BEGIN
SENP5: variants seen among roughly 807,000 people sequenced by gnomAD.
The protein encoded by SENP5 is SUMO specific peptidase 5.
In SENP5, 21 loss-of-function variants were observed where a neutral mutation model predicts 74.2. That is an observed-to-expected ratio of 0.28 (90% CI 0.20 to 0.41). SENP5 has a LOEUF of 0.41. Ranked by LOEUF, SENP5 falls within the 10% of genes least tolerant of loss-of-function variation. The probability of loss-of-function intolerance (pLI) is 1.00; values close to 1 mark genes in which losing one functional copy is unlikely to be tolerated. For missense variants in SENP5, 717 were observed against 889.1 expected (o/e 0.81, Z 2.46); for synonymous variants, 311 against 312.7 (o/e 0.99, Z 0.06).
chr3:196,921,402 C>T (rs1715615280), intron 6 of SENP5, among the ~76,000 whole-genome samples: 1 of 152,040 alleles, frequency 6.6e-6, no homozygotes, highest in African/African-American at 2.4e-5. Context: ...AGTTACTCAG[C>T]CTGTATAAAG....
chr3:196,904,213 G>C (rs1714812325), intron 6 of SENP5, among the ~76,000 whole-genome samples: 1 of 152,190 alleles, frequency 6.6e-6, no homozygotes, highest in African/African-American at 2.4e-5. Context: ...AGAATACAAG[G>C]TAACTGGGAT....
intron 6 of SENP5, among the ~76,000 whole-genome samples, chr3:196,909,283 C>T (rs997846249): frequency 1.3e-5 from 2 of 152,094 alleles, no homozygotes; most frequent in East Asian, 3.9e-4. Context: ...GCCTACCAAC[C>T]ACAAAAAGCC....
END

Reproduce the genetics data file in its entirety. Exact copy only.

SENP5: variants seen among roughly 807,000 people sequenced by gnomAD.
The protein encoded by SENP5 is SUMO specific peptidase 5.
In SENP5, 21 loss-of-function variants were observed where a neutral mutation model predicts 74.2. That is an observed-to-expected ratio of 0.28 (90% CI 0.20 to 0.41). SENP5 has a LOEUF of 0.41. Ranked by LOEUF, SENP5 falls within the 10% of genes least tolerant of loss-of-function variation. The probability of loss-of-function intolerance (pLI) is 1.00; values close to 1 mark genes in which losing one functional copy is unlikely to be tolerated. For missense variants in SENP5, 717 were observed against 889.1 expected (o/e 0.81, Z 2.46); for synonymous variants, 311 against 312.7 (o/e 0.99, Z 0.06).
chr3:196,921,402 C>T (rs1715615280), intron 6 of SENP5, among the ~76,000 whole-genome samples: 1 of 152,040 alleles, frequency 6.6e-6, no homozygotes, highest in African/African-American at 2.4e-5. Context: ...AGTTACTCAG[C>T]CTGTATAAAG....
chr3:196,904,213 G>C (rs1714812325), intron 6 of SENP5, among the ~76,000 whole-genome samples: 1 of 152,190 alleles, frequency 6.6e-6, no homozygotes, highest in African/African-American at 2.4e-5. Context: ...AGAATACAAG[G>C]TAACTGGGAT....
intron 6 of SENP5, among the ~76,000 whole-genome samples, chr3:196,909,283 C>T (rs997846249): frequency 1.3e-5 from 2 of 152,094 alleles, no homozygotes; most frequent in East Asian, 3.9e-4. Context: ...GCCTACCAAC[C>T]ACAAAAAGCC....